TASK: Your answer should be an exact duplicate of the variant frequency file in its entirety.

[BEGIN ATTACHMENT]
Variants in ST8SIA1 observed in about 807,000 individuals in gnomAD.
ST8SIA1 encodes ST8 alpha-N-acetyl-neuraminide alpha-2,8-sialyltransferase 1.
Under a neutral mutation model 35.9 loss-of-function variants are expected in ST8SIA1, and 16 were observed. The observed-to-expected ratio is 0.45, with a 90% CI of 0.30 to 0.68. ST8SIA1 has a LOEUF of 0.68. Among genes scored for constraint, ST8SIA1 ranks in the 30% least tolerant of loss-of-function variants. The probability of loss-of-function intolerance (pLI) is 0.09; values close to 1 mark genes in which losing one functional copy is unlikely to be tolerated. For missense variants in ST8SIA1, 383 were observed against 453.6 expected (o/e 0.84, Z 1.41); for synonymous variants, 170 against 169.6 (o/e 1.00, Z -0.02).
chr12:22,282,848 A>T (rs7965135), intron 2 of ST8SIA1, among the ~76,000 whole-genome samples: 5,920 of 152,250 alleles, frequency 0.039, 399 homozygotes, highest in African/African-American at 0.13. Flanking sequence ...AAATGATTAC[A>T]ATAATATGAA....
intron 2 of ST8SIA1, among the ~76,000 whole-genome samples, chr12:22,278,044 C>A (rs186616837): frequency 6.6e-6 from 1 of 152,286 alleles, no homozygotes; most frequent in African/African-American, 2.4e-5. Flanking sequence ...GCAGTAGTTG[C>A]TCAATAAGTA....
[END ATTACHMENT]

Variants in ST8SIA1 observed in about 807,000 individuals in gnomAD.
ST8SIA1 encodes ST8 alpha-N-acetyl-neuraminide alpha-2,8-sialyltransferase 1.
Under a neutral mutation model 35.9 loss-of-function variants are expected in ST8SIA1, and 16 were observed. The observed-to-expected ratio is 0.45, with a 90% CI of 0.30 to 0.68. ST8SIA1 has a LOEUF of 0.68. Among genes scored for constraint, ST8SIA1 ranks in the 30% least tolerant of loss-of-function variants. The probability of loss-of-function intolerance (pLI) is 0.09; values close to 1 mark genes in which losing one functional copy is unlikely to be tolerated. For missense variants in ST8SIA1, 383 were observed against 453.6 expected (o/e 0.84, Z 1.41); for synonymous variants, 170 against 169.6 (o/e 1.00, Z -0.02).
chr12:22,282,848 A>T (rs7965135), intron 2 of ST8SIA1, among the ~76,000 whole-genome samples: 5,920 of 152,250 alleles, frequency 0.039, 399 homozygotes, highest in African/African-American at 0.13. Flanking sequence ...AAATGATTAC[A>T]ATAATATGAA....
intron 2 of ST8SIA1, among the ~76,000 whole-genome samples, chr12:22,278,044 C>A (rs186616837): frequency 6.6e-6 from 1 of 152,286 alleles, no homozygotes; most frequent in African/African-American, 2.4e-5. Flanking sequence ...GCAGTAGTTG[C>A]TCAATAAGTA....